- Charge hopping and localized transport mechanisms in disordered systems
    - Recombination mechanisms of photogenerated electrons and holes
    - Computational screening of possible device parameters in device optimization or material selection

    We also develop novel techniques for reliable experimental measurements when classical methods fail.


    List of equipment in our spectroscopy laboratory

    Manuals for all equipment listed below I can provide on request.

    - Laser, nanosecond pulse duration. QLI Model Q1B-10. Wavelengths 355nm, 532nm and 1064nm. High pulse intensity, 10 mJ.
    - Oscilloscope. Tektronix model DPO7104C.
    - Arbitrary function generator. Tektronix AFG3102C 100 Mhz, 2 channels. Special feature – superimpose any external signal with an internal one synthesized by the generator.
    - Current-Voltage sources and measurement units. Keithley model 2450.
    - Hall effect for charge carrier mobility and density measurements.
    - Time-of-Flight, CELIV, MIS-CELIV setup.
    - Lock-in amplifier. Stanford SR830.
    - Solar simulator. Model Spire SPI-Sun Simulator 5600SLP.
    - Various optical and opto-mechanical components such as Neutral density filters, bandpass filters, laser mirrors, optical mounts, translation stages etc.

    Current projects

    PhD scholarships in electronics, charge transport and electrical signalling are presently available. Please don’t hesitate to contact me anytime to find out more details about available PhD positions, topics and requirements for an application.



    • Mohammadpour, E., Cord-Ruwisch, R., Pivrikas, A., Ho, G., (2021), Utilisation of oxygen from water electrolysis Assessment for wastewater treatment and aquaculture, Chemical Engineering Science, 246, , .
    • Pivrikas, A., (2021), Advanced Monitoring and Control System for Virtual Power Plants for Enabling Customer Engagement and Market Participation, Energies, 14, 4, pages -.
    • Behi, B., Baniasadi, A., Arefi, A., Gorjy, A., Jennings, P., Pivrikas, A., (2020), Costbenefit analysis of a virtual power plant including solar PV, flow battery, heat pump, and demand management: A Western Australian case study, Energies, 13, 10, pages -.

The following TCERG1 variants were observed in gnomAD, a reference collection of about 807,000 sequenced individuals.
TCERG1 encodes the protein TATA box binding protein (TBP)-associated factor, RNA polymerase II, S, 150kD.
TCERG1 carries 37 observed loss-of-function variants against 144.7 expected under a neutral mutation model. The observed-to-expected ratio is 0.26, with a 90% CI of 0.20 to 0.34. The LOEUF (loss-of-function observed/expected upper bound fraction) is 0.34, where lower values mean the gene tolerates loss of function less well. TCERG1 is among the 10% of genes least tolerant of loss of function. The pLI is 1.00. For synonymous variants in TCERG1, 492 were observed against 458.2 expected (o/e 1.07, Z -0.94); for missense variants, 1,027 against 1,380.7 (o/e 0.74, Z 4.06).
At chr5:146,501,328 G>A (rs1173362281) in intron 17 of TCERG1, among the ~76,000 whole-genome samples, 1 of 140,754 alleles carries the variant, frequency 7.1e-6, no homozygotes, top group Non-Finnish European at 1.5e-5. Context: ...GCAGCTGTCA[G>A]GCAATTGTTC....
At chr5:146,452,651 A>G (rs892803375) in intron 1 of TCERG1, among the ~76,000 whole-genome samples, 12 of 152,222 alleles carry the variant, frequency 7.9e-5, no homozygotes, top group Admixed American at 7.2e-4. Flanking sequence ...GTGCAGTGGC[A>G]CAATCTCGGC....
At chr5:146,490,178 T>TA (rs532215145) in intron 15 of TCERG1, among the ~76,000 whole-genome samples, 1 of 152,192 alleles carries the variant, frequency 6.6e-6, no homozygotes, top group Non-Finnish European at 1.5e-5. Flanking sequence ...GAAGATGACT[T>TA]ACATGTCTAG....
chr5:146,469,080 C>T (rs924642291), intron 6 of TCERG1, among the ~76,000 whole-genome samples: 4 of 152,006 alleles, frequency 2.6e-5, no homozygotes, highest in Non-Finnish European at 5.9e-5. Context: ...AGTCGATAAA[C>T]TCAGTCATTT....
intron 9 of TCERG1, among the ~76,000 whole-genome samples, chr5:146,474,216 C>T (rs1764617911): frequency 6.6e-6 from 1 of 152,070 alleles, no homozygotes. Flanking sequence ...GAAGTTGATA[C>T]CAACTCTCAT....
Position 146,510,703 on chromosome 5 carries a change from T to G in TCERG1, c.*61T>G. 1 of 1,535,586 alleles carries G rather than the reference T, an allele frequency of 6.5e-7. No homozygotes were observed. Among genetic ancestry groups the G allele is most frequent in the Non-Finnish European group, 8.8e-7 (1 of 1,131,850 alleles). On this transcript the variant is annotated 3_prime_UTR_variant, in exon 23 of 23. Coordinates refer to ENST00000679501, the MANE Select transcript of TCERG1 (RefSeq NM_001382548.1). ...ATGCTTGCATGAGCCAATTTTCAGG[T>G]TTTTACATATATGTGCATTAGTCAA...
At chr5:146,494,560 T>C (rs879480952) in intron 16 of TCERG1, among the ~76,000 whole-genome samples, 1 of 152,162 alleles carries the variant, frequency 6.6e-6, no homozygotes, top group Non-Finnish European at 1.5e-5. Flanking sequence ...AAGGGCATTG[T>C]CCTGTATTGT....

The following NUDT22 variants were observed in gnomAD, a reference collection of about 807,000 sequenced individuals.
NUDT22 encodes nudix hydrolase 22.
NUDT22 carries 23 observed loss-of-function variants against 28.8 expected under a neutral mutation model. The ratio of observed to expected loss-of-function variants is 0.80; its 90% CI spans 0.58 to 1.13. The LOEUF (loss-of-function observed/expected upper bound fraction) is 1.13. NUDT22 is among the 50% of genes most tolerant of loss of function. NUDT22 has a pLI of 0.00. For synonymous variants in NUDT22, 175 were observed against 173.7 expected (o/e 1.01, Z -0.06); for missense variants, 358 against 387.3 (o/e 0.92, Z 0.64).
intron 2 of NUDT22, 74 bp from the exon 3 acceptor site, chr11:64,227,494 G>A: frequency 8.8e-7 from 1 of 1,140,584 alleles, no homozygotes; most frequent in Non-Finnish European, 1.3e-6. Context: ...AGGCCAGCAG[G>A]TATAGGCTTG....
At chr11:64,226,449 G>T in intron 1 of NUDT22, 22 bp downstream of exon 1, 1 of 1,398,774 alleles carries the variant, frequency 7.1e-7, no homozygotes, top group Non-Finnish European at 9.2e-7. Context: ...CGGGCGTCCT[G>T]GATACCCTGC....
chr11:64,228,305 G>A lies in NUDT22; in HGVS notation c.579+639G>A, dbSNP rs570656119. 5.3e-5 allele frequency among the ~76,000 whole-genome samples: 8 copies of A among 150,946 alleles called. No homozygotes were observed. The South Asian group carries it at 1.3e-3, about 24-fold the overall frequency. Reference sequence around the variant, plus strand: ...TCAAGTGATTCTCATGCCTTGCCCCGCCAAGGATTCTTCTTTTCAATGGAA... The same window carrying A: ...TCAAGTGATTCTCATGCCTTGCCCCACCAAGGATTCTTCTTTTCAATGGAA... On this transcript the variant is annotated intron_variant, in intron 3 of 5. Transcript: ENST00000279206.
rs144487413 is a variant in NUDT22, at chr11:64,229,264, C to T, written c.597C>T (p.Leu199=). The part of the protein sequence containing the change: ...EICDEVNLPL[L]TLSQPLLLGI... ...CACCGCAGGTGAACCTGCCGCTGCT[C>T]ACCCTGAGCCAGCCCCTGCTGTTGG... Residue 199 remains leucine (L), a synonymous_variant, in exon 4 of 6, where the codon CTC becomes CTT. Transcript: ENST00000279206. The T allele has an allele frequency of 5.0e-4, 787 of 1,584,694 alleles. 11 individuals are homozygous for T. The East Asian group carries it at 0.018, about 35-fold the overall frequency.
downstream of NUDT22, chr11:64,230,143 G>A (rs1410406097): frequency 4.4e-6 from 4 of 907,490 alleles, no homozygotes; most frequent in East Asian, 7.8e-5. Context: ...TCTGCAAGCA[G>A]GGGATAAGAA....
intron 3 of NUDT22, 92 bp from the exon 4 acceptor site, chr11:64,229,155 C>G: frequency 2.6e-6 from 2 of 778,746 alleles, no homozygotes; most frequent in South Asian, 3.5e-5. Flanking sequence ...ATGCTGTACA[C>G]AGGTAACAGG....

• Ahmad, V., Sobus, J., Greenberg, M., Shukla, A., Philippa, B., Pivrikas, A., White, R., (2020), Charge and exciton dynamics of OLEDs under high voltage nanosecond pulse: towards injection lasing, Nature Communications, 11, 1, pages 4310 -.
    • Gao, M., Burn, P., Pivrikas, A., (2019), Charge transport in an organic light emitting diode material measured using metal-insulator-semiconductor charge extraction by linearly increasing voltage with parameter variation, Journal of Applied Physics, 126, 2019, pages 035501 -.
    • Pivrikas, A., Marks, M., Kumar, P., Kroon, R., Barr, M., Nicolaidis, N., Feron, K., Fahy, A., Mendaza, A., Kilcoyne, A., Müller, C., Zhou, X., Andersson, M., Dastoor, P., Belcher, W., (2016), Nano-pathways: Bridging the divide between water-processable nanoparticulate and bulk heterojunction organic photovoltaics, Nano Energy, 19, , pages 495 - 510.
    • Philippa, B., White, R., Pivrikas, A., (2016), A route to high gain photodetectors through suppressed recombination in disordered films, Applied Physics Letters, 109, 15, pages -.
    • Pivrikas, A., Philippa, B., White, R., Juska, G., (2016), Photocarrier lifetime and recombination losses in photovoltaic systems, Nature Photonics, 10, 5, pages 282 - 283.
    • Pivrikas, A., Philippa, B., Shoaee, S., Jiang, W., White, R., Burn, P., Meredith, P., (2015), Charge Transport without Recombination in Organic Solar Cells and Photodiodes, The Journal of Physical Chemistry Part C: Nanomaterials, Interfaces and Hard Matter, 119, 48, pages 26866 - 26874.
    • Pivrikas, A., (2015), Photocarrier drift distance in organic solar cells and photodetectors, Scientific Reports, 5, 0, pages 0 - 0.
    • Pivrikas, A., (2014), Dynamics of Charge Generation and Transport in Polymer-Fullerene Blends Elucidated Using a PhotoFET Architecture, ACS Photonics, 1, 2, pages 114 - 120.
    • Pivrikas, A., Kadashchuk, A., Sitter, H., Genoe, J., Bassler, H., (2012), Electric field dependence of charge carrier hopping transport within the random energy landscape in an organic field effect transistor, Physical Review B- Condensed matter and materials physics, 86, 4, pages -.


    • Arefi, A., Behi, B., Pivrikas, A., Gorjy, A., Catalao, J., (2020),Consumer engagement in virtual power plants through gamification,In: The 5th International Conference on Power and Renewable Energy.

    Full updated list of my publications with citations can be found at Google Scholar:

    Ten career-best publications